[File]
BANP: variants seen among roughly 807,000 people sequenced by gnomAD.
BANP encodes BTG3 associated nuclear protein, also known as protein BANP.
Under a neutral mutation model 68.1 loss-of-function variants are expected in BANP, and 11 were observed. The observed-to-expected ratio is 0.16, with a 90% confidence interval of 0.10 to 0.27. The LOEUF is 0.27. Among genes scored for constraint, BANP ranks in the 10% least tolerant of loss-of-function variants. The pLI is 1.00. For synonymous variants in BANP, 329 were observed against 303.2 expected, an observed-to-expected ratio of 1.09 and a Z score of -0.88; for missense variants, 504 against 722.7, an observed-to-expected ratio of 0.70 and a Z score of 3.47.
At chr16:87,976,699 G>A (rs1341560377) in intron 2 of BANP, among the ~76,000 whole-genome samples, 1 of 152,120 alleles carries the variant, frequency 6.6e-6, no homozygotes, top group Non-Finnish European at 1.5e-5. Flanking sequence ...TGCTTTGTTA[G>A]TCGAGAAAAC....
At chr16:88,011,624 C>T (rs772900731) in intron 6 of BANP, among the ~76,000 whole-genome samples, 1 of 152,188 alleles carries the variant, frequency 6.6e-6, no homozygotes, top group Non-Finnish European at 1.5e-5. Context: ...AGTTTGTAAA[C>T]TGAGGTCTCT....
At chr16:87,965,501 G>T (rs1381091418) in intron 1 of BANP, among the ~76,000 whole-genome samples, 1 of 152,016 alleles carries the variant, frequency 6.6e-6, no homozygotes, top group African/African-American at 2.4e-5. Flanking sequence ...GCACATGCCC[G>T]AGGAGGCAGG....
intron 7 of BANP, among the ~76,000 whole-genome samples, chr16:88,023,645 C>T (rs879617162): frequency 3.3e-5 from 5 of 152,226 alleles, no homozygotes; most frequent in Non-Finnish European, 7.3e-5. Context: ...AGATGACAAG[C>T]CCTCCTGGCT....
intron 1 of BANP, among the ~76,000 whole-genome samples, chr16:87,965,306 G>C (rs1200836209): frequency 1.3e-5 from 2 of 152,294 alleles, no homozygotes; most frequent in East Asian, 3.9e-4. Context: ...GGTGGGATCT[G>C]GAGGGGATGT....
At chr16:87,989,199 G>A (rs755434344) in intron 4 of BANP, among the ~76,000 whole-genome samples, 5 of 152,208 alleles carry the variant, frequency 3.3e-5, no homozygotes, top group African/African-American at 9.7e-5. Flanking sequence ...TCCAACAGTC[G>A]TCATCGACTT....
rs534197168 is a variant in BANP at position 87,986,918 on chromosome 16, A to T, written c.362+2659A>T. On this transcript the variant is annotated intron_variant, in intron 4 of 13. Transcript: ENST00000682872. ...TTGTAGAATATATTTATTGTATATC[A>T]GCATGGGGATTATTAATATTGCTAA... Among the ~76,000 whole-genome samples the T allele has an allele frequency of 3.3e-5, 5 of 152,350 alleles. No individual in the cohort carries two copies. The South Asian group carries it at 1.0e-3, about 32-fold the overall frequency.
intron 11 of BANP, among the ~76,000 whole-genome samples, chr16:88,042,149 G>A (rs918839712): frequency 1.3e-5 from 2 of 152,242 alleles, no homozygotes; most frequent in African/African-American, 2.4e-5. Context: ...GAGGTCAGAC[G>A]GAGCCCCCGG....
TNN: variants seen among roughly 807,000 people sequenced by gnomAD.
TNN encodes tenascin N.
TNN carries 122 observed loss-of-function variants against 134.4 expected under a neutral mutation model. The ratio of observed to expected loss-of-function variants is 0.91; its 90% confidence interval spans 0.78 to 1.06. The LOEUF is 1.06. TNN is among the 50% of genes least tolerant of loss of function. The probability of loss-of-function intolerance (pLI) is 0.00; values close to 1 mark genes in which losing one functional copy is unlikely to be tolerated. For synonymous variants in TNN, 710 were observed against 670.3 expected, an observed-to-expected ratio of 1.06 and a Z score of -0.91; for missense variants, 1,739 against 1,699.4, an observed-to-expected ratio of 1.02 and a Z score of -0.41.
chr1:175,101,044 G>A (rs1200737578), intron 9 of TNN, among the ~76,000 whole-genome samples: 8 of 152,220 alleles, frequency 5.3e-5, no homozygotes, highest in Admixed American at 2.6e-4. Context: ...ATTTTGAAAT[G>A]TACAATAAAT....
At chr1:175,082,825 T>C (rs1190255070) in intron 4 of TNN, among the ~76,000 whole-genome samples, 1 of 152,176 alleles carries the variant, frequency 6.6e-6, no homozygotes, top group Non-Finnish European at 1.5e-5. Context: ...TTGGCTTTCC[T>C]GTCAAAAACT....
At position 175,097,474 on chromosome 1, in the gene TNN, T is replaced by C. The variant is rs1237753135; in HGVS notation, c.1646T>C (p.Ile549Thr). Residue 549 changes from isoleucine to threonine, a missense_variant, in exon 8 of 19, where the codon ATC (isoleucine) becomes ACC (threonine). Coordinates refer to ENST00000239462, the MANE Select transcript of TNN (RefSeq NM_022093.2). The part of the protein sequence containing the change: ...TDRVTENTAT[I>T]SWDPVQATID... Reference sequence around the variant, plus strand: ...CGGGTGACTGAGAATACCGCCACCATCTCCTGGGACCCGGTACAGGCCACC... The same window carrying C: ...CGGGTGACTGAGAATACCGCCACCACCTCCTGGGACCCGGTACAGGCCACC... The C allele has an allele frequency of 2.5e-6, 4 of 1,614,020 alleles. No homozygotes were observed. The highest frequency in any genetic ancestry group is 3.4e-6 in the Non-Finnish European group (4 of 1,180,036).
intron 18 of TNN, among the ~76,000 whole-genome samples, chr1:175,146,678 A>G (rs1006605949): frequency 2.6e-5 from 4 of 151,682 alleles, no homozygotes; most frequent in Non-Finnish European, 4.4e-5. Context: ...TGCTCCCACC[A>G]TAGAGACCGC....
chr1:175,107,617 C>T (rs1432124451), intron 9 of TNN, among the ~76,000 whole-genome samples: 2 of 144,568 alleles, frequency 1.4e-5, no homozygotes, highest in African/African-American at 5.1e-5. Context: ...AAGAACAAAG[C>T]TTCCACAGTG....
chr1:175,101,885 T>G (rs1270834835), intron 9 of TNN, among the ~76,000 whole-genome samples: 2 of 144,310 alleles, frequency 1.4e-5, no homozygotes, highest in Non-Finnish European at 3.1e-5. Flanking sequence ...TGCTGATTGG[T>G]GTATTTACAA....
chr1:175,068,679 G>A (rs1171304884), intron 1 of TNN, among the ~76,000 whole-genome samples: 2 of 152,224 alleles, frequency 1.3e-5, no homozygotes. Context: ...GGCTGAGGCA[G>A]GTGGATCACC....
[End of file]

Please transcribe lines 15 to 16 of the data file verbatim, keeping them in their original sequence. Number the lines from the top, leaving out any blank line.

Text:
chr1:175,101,044 G>A (rs1200737578), intron 9 of TNN, among the ~76,000 whole-genome samples: 8 of 152,220 alleles, frequency 5.3e-5, no homozygotes, highest in Admixed American at 2.6e-4. Context: ...ATTTTGAAAT[G>A]TACAATAAAT....
At chr1:175,082,825 T>C (rs1190255070) in intron 4 of TNN, among the ~76,000 whole-genome samples, 1 of 152,176 alleles carries the variant, frequency 6.6e-6, no homozygotes, top group Non-Finnish European at 1.5e-5. Context: ...TTGGCTTTCC[T>C]GTCAAAAACT....